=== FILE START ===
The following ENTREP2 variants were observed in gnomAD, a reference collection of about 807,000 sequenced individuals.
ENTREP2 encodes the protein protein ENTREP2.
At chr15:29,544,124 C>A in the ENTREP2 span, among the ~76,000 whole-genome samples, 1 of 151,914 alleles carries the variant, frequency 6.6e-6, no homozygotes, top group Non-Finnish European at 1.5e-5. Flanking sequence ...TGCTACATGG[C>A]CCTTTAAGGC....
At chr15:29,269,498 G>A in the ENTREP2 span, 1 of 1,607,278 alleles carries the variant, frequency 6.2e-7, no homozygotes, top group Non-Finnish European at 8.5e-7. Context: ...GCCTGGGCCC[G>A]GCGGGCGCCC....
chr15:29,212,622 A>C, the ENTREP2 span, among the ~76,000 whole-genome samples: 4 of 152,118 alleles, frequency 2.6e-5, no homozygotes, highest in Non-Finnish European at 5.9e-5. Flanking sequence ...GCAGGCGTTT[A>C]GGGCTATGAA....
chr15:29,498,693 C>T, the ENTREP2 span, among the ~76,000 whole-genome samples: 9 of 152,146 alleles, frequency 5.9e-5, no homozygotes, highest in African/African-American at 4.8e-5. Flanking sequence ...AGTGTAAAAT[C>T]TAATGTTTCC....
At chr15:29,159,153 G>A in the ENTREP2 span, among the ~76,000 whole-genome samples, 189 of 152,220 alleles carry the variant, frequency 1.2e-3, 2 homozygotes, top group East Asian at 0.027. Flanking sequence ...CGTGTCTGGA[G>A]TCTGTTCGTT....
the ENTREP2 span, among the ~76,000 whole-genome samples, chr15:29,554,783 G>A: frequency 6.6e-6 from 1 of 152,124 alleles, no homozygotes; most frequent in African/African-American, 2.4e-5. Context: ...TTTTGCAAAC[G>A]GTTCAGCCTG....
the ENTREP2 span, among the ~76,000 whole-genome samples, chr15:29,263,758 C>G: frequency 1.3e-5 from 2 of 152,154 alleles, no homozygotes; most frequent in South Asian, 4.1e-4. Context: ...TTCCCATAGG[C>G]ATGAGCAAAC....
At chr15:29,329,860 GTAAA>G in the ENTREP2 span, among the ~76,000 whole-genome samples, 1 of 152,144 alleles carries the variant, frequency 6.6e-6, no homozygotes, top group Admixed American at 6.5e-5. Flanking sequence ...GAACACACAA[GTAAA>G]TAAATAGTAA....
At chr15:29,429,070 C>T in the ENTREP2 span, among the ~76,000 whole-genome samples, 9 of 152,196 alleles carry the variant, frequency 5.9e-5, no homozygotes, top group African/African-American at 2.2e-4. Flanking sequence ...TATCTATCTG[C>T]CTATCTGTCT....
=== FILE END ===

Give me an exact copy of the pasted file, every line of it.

The following ENTREP2 variants were observed in gnomAD, a reference collection of about 807,000 sequenced individuals.
ENTREP2 encodes the protein protein ENTREP2.
At chr15:29,544,124 C>A in the ENTREP2 span, among the ~76,000 whole-genome samples, 1 of 151,914 alleles carries the variant, frequency 6.6e-6, no homozygotes, top group Non-Finnish European at 1.5e-5. Flanking sequence ...TGCTACATGG[C>A]CCTTTAAGGC....
At chr15:29,269,498 G>A in the ENTREP2 span, 1 of 1,607,278 alleles carries the variant, frequency 6.2e-7, no homozygotes, top group Non-Finnish European at 8.5e-7. Context: ...GCCTGGGCCC[G>A]GCGGGCGCCC....
chr15:29,212,622 A>C, the ENTREP2 span, among the ~76,000 whole-genome samples: 4 of 152,118 alleles, frequency 2.6e-5, no homozygotes, highest in Non-Finnish European at 5.9e-5. Flanking sequence ...GCAGGCGTTT[A>C]GGGCTATGAA....
chr15:29,498,693 C>T, the ENTREP2 span, among the ~76,000 whole-genome samples: 9 of 152,146 alleles, frequency 5.9e-5, no homozygotes, highest in African/African-American at 4.8e-5. Flanking sequence ...AGTGTAAAAT[C>T]TAATGTTTCC....
At chr15:29,159,153 G>A in the ENTREP2 span, among the ~76,000 whole-genome samples, 189 of 152,220 alleles carry the variant, frequency 1.2e-3, 2 homozygotes, top group East Asian at 0.027. Flanking sequence ...CGTGTCTGGA[G>A]TCTGTTCGTT....
the ENTREP2 span, among the ~76,000 whole-genome samples, chr15:29,554,783 G>A: frequency 6.6e-6 from 1 of 152,124 alleles, no homozygotes; most frequent in African/African-American, 2.4e-5. Context: ...TTTTGCAAAC[G>A]GTTCAGCCTG....
the ENTREP2 span, among the ~76,000 whole-genome samples, chr15:29,263,758 C>G: frequency 1.3e-5 from 2 of 152,154 alleles, no homozygotes; most frequent in South Asian, 4.1e-4. Context: ...TTCCCATAGG[C>G]ATGAGCAAAC....
At chr15:29,329,860 GTAAA>G in the ENTREP2 span, among the ~76,000 whole-genome samples, 1 of 152,144 alleles carries the variant, frequency 6.6e-6, no homozygotes, top group Admixed American at 6.5e-5. Flanking sequence ...GAACACACAA[GTAAA>G]TAAATAGTAA....
At chr15:29,429,070 C>T in the ENTREP2 span, among the ~76,000 whole-genome samples, 9 of 152,196 alleles carry the variant, frequency 5.9e-5, no homozygotes, top group African/African-American at 2.2e-4. Flanking sequence ...TATCTATCTG[C>T]CTATCTGTCT....